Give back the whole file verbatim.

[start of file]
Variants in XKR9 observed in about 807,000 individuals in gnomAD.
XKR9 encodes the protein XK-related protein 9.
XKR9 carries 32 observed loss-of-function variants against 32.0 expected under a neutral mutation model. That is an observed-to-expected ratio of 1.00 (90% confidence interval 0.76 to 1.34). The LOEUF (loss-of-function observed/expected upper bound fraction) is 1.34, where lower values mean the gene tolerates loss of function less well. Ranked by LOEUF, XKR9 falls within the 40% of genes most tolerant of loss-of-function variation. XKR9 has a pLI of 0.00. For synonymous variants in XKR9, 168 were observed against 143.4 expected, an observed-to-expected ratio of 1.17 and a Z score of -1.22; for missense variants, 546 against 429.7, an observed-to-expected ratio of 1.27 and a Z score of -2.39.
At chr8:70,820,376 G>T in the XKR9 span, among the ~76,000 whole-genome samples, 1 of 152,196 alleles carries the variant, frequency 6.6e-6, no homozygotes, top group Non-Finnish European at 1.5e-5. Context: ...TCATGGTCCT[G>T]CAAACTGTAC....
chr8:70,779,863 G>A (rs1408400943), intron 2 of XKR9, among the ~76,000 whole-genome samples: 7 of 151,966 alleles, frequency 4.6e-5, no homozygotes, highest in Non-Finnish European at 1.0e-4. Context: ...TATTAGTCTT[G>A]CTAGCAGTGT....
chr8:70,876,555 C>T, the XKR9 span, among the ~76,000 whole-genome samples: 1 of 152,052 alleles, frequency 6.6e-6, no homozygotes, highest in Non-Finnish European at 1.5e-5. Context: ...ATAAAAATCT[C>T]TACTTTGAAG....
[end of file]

Variants in XKR9 observed in about 807,000 individuals in gnomAD.
XKR9 encodes the protein XK-related protein 9.
XKR9 carries 32 observed loss-of-function variants against 32.0 expected under a neutral mutation model. That is an observed-to-expected ratio of 1.00 (90% confidence interval 0.76 to 1.34). The LOEUF (loss-of-function observed/expected upper bound fraction) is 1.34, where lower values mean the gene tolerates loss of function less well. Ranked by LOEUF, XKR9 falls within the 40% of genes most tolerant of loss-of-function variation. XKR9 has a pLI of 0.00. For synonymous variants in XKR9, 168 were observed against 143.4 expected, an observed-to-expected ratio of 1.17 and a Z score of -1.22; for missense variants, 546 against 429.7, an observed-to-expected ratio of 1.27 and a Z score of -2.39.
At chr8:70,820,376 G>T in the XKR9 span, among the ~76,000 whole-genome samples, 1 of 152,196 alleles carries the variant, frequency 6.6e-6, no homozygotes, top group Non-Finnish European at 1.5e-5. Context: ...TCATGGTCCT[G>T]CAAACTGTAC....
chr8:70,779,863 G>A (rs1408400943), intron 2 of XKR9, among the ~76,000 whole-genome samples: 7 of 151,966 alleles, frequency 4.6e-5, no homozygotes, highest in Non-Finnish European at 1.0e-4. Context: ...TATTAGTCTT[G>A]CTAGCAGTGT....
chr8:70,876,555 C>T, the XKR9 span, among the ~76,000 whole-genome samples: 1 of 152,052 alleles, frequency 6.6e-6, no homozygotes, highest in Non-Finnish European at 1.5e-5. Context: ...ATAAAAATCT[C>T]TACTTTGAAG....